36. Videmus Prototype • Develop a collaborative immersive environment for navigating and analysing very large numerical data sets. • Provide suite of resource-aware visualization tools for 3D scalar and vector fields. • Support steering, and the retrieval and annotation of data. • Permit collaborators to interact in the immersive space by audio and gestures. • Make visualization adapt to network bandwidth - if bandwidth is low data may be compressed or lower resolution used. • Use server-side processing to lessen load on client and network. • Use software agents in implementation.

  37. Videmus Architecture Data Request Agent Data Dispatch Agent Data server CAVE Server Compute server ImmersaDesk Rendering server Workstation

  38. Other Collaborative Visualization Projects • The Electronic Visualization Laboratory at UIC are world leaders, but not particularly focused at scientific visualization. • NCSA have done a lot of work on middleware for advanced visualization, and human factors related research. • The Virtual Environments Lab at Old Dominion University. Good potential collaborators. • COVISE from the University of Stuttgart. • SNL has projects in VR for mesh generation, and the “Navigating Science” project to develop a method of exploring and analysing scientific literature using virtual reality.

  39. Massive data processing and visualization • Recent acquisition of 9000 CDs of digital data • Vector maps • Scanned maps • Elevation data • Imagery • Visualization: desktop to immersive VR environment • Storage strategies • Data exchange issues • Collaborative environment Digital Earth Observatory • HPAC Data, Climate and Groundwater Data, Transportation and Energy Data Probe ESnet3

  40. Motivation for Problem-Solving Environments • The aim is scientific insight. • Better understanding of the fundamental laws of the universe and how these interact to produce complex phenomena. • New technologies for economic competitiveness and a cleaner and safer environment.

  41. Aspects of Scientific Computing We use computers to advance science through: • Prediction : as in traditional computational science. • Abstraction : the recognition of patterns and inter-relationships. • Visualization for steering, navigation, and immersion. • Data mining. • Collaboration : brings a wide range of expertise to a problem.

  42. Innovative Environments We seek to support prediction, abstraction, and collaboration in an integrated computing environment that: • Gives transparent access to heterogeneous distributed resources • Supports all aspects of software creation and use • Seamlessly incorporates new hardware and software Problem-Solving Environment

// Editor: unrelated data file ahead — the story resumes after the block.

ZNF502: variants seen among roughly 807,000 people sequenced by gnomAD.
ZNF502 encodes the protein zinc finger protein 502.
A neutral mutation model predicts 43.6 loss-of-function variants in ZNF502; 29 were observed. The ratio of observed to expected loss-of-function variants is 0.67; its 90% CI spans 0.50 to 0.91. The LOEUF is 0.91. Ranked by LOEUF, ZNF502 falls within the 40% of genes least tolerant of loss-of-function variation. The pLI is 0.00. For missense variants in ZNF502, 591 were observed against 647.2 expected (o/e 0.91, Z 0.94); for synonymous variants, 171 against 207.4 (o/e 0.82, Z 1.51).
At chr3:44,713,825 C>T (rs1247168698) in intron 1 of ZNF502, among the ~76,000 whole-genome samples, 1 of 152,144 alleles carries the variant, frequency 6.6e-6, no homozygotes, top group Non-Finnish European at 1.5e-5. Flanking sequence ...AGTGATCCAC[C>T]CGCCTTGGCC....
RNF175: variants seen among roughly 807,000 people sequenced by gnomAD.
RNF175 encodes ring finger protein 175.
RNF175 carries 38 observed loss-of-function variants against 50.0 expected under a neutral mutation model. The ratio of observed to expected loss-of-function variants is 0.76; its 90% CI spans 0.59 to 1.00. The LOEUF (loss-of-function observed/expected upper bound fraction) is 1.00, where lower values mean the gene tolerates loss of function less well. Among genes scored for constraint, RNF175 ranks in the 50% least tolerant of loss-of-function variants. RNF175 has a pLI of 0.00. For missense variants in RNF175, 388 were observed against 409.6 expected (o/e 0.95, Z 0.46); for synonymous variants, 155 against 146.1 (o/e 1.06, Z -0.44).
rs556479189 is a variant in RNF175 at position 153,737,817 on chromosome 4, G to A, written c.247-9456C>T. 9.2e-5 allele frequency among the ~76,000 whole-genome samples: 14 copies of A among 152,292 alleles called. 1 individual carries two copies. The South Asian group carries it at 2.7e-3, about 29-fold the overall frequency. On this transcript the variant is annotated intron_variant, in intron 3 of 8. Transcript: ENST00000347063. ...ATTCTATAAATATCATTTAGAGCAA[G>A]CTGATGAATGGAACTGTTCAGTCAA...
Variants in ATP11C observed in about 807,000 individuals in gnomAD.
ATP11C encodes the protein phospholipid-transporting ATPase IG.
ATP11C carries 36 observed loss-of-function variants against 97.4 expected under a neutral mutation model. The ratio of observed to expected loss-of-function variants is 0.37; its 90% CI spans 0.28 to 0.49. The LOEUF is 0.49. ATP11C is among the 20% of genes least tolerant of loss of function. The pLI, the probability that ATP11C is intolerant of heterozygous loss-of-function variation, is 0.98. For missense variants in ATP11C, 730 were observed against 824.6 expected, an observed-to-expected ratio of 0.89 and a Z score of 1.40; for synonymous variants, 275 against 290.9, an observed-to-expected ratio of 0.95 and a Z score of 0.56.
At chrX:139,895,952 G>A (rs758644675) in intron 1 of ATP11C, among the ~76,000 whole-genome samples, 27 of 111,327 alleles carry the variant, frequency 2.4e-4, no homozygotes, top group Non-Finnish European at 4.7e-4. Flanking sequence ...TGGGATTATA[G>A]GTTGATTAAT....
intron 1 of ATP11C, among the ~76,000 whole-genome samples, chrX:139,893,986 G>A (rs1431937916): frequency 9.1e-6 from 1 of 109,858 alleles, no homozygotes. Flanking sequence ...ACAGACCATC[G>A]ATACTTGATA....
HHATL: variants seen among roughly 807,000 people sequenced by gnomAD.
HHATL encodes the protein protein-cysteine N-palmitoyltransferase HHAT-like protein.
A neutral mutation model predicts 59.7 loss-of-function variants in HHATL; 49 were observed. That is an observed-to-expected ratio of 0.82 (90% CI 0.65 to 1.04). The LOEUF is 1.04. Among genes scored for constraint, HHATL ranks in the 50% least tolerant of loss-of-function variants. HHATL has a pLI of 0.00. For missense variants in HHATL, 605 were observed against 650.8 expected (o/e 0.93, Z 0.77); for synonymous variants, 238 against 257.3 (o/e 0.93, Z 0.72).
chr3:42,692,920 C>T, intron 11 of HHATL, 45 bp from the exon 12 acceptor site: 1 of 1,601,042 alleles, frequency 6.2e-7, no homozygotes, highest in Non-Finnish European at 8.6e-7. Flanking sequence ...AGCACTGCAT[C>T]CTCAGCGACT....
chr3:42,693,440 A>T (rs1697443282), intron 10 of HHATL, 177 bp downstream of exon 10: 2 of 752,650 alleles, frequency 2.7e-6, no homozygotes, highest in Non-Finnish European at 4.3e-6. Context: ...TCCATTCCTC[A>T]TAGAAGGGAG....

43. Problem-Solving Environments • are specific to application domain, e.g., PSE for climate modeling, PSE for material science, etc. • provide easy access to distributed computing resources so end user can focus on the science and not computer issues. • deliver state-of-the-art problem-solving power to the end user. • increase research productivity.

  44. PSEs and Complexity • Modeling complex physical systems requires complex computer hardware (hierarchical memory, parallelism) and complex computer software (numerical methods, message passing, etc.). • PSEs handle this complexity for the end user.

  45. Vision for PSEs • PSEs herald a new era in scientific computing, both in power and how resources are accessed and used • PSEs will become the main gateway for scientists to access terascale computing resources. • PSEs will allow users to access these resources from any web connection. They are as web portals to the Grid. • PSE’s support for collaborative computational science will change the pervading research culture, making it more open and accountable.

  46. Synergies Research Hardware Research Software Research Culture Better = bigger & faster Distributed, immersive Collaborative Better = more open & accountable

  47. Software Technologies for PSEs Wherever possible use accepted software standards and component-based software engineering. • XML is used for interface specification and defining the component model. • Java is used for platform-independent programming. • CORBA provides for transparent interaction between distributed resources. • Agents for user support, resource monitoring and discovery.

  48. Main Features of a PSE • Collaborative code development environment. • Intelligent resource management system. • Expert assistance in application design and input data specification. • Electronic notebooks for recording and sharing results of research.

  49. Collaborative Code Development Environment • The collaborative code development environment uses a visual programming tool for seamlessly integrating code from multiple sources. • Applications are created by plugging together software components. • Legacy codes in any major scientific programming language can be handled.

  50. Novel Ideas for PSE Research • Intelligence is important in PSEs for efficient use and management of resources, for ease of use, and user support. The PSE must be able to learn what works best. • Living documents are a novel way of electronically publishing research results. Readers can replay simulations, and experiment with changing input parameters. • Resource-aware visualization refers to ability of a visualization to adapt to the hardware platform, which may range from a PC to a CAVE.